In my opinion there is currently one major superpower in the world: the United States of America. They acquired their superpower status over the course of the last 100 years. The reason why they became the superpower was because after World War 2, Europe and large parts of Asia were in ruins. The U.S. had the technology and the opportunity to expand rapidly into a great power. [1. http://www.nytimes.com/books/first/w/white-century.html]
Although some might say that in the 21st century there is no more room for a Hegemonic power due to globalization and increasing interdependence of nations, I belief that the United States is still able to pull back behind its borders ‘if’ it needs to. It will slow the economy, but they will still be able to sustain themselves. When I was searching for figures that showed U.S. dependency on the rest of the world, the most important good they are depending on is crude oil. However they managed to reduce their dependency on oil from other countries to just 40%. [2. http://www.eia.gov/energy_in_brief/article/foreign_oil_dependence.cfm]
This blog will however not focus on the United States being a superpower or not, but on the idea that China might become one as well with the possibility of overtaking the U.S.A. as the Hegemonic power.
With the following definition provided by the dictionary I’d like to indicate how a superpower is roughly defined:
An extremely powerful nation, especially one capable of influencing international events and the actsand policies of less powerful nations. [3. http://dictionary.reference.com/browse/superpower]
This definition gives up until some extent a view on what a superpower should look like. In order to make the picture more clearly I will categorize the definition a bit more.
Joseph Nye differentiates two types of power. Soft power is the power of nations to make other nations wanting the same outcome as the nation which applies the soft power. Hard power is the power that forces other nations to do what you want even tough that this might interfere with their strategies or preferences.
Based on these two forms of power I will deviate the U.S. and China to see what China’s shortcomings are in becoming a superpower. First of the table below will show some important figures on the economies of both nations.
|GDP (purchasing power parity)||$16.72 trillion (2013)||$13.37 trillion (2013)|
|GDP per capita||$ 52.800||$9.800|
|Labor force||155 million||797.6 million|
|Debt||15.68 trillion (dec 2012)||784.8 billion (2012)|
As the table shows it is obvious that the United States still has a higher GDP and their citizens have more money to spend. This comes however at a price. The immense debt the U.S. has to fuel its economy and governmental expenses is what causes a lot of analysts’ worries for the future. China is expected to overtake the U.S. in the coming years in terms of GDP. The reason China is growing very rapidly is because of government actions to sustain the massive growth. Examples of the actions are capital investments in better technologies in order to increase the output, but also deregulation of the strictly controlled economic engine helped improved the growth rate.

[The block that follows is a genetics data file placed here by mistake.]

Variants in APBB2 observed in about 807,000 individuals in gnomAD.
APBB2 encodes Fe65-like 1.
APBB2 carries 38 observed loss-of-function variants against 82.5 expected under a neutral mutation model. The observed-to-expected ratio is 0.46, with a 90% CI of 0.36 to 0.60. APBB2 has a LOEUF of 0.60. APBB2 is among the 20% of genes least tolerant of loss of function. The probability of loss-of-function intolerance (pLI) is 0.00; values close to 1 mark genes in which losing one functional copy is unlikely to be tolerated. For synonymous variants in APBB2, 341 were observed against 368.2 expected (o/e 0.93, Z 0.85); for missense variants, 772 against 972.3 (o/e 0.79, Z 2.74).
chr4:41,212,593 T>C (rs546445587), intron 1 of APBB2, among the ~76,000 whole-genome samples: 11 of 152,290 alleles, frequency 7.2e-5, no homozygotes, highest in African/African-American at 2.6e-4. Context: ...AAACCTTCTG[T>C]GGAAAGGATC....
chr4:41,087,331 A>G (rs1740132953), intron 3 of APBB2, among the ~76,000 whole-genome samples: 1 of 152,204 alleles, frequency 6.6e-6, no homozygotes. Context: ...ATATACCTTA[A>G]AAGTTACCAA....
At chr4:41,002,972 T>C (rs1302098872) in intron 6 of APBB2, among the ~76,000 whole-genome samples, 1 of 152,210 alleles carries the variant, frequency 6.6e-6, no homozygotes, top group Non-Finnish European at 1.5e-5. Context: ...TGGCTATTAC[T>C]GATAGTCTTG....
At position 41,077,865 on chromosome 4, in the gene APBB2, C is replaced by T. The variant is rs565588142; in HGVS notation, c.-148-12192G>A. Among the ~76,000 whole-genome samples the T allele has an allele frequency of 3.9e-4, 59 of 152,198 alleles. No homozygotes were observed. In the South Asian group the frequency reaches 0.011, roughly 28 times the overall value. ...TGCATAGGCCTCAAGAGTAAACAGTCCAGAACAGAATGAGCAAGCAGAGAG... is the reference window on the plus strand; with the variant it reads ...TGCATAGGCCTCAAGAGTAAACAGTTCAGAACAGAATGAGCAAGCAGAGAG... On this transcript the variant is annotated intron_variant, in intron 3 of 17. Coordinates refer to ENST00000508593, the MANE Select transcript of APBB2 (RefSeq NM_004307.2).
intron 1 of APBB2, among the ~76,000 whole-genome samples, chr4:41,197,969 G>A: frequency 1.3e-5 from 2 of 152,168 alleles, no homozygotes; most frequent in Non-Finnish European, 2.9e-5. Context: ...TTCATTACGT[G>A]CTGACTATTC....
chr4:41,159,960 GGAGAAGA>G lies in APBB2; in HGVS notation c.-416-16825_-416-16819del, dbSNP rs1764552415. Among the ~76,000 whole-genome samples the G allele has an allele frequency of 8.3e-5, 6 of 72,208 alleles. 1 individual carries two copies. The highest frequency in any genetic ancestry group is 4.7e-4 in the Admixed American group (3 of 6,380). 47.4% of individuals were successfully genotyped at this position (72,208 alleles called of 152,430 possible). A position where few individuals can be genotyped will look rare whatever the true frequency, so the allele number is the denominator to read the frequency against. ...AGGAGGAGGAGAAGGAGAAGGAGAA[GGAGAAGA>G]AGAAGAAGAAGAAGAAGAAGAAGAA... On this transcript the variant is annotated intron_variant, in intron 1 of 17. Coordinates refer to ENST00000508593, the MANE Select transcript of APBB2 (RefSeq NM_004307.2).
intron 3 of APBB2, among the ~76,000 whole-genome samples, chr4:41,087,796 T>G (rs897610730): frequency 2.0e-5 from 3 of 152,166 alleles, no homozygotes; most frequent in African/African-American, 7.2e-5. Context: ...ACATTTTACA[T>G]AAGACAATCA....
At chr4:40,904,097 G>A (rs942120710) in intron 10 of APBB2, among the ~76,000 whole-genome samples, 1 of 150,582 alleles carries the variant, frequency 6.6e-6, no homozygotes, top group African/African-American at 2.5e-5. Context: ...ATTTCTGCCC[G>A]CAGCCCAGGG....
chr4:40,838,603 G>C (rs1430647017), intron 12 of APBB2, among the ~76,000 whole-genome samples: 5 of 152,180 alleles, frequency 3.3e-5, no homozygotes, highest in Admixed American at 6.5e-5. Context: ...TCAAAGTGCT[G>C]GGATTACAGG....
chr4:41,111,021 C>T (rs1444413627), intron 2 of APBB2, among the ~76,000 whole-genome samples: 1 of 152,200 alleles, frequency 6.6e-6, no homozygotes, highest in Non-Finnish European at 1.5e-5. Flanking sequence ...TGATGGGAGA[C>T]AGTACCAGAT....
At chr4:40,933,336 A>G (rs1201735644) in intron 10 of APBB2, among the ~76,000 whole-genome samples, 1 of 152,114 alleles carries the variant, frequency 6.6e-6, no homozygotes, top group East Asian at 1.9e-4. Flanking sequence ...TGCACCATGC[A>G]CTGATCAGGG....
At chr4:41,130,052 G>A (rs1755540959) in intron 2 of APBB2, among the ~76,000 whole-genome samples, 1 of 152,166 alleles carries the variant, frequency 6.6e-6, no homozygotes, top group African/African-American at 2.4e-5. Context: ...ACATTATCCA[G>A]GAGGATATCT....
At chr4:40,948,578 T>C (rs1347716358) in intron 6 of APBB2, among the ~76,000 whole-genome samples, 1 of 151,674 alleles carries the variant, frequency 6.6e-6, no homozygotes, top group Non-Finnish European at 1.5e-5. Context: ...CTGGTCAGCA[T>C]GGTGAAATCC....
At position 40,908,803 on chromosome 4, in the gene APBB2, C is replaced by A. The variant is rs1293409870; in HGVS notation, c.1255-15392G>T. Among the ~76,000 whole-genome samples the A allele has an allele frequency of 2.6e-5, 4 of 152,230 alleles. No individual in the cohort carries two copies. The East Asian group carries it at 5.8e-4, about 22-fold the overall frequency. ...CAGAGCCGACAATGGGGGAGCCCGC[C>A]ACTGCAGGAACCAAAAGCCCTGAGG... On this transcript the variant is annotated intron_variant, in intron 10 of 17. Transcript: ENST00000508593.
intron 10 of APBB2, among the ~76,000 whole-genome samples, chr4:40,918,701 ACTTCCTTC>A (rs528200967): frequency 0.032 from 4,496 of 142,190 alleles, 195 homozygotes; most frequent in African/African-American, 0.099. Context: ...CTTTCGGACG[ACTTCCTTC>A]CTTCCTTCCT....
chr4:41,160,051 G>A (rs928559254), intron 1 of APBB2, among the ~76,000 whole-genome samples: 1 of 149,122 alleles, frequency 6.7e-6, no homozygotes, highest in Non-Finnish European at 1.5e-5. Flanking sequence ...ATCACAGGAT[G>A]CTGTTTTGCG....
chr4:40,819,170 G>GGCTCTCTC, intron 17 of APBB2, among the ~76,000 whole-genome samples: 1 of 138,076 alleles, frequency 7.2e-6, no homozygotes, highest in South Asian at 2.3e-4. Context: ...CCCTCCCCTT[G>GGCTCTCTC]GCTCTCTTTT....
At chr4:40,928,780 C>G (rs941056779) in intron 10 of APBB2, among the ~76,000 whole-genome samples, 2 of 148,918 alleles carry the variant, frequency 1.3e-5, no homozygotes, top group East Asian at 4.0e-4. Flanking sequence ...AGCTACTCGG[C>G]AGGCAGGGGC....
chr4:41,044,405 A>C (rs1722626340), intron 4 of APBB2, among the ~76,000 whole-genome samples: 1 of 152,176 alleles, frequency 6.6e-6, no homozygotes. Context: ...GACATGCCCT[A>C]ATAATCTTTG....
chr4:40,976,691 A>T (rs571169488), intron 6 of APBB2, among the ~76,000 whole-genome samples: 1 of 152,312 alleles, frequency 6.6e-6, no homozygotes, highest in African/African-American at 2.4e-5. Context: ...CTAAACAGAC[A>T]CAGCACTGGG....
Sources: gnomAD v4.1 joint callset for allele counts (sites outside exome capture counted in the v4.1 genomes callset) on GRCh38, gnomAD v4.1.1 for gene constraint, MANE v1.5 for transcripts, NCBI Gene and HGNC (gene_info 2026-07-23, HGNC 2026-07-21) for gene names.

|Annual Defense Budget||$ 612.500.000.000||$ 126.000.000.000($132 billion expected)|
|Active Military personnel||1.430.000||2.285.000|
|Active Military Reserves||850.880||2.300.000|
|Total aircraft strength||13.683||2788|
When we look at military strength, the U.S. outranks China on almost all aspects. They have in general more equipment and their annual budget is daunting. Although China has more personnel, the GFP (General Firepower index) looks at more than size. Russia is even outperforming China in terms of military power, but that might be changing since China announced a relatively large increase in military budget this year of 12.2% raising the budget to around $132 billion.
Soft power is the result of being liked, respected, trusted, or admired. It’s a kind of magnetism: countries are attractive when they have it, and repellent when they don’t. [4. http://thediplomat.com/2013/06/soft-power-china-has-plenty/]
When looking at the soft power both nations possess power to get other nations to back their cause, because they feel the cause is just. But looking at the table below it can be concluded that China is not closing in.
Based on these figures it can be concluded that China is not even close in overpowering the U.S. in soft power. The reasons for that are simple. China fails to attract Western countries because of their ideologically driven news and other censored media by the Chinese government in order to prevent disgrace brought upon China. Efforts to promote Chinese culture overseas are often viewed upon as propaganda and work counterproductive as a result of that. Also the fact that China still uses a lot of top-down control making it harder to create a soft power that attracts westerners.
China has been able to grow economically very fast and they might eventually overtake the United States as the world’s biggest economic power. Militarily China has a long way to go before overtaking the United States on that level which is also were analysts have their question marks, because China must be willing to spend the same astronomical amounts of money on defense in order to be able to even force the United States to its will. Finally they will have to open up more to the outside world in order to augment their soft power and being able to get more western powers to back up their cause. Until this happens it is likely that the United States will remain the only hegemonic power.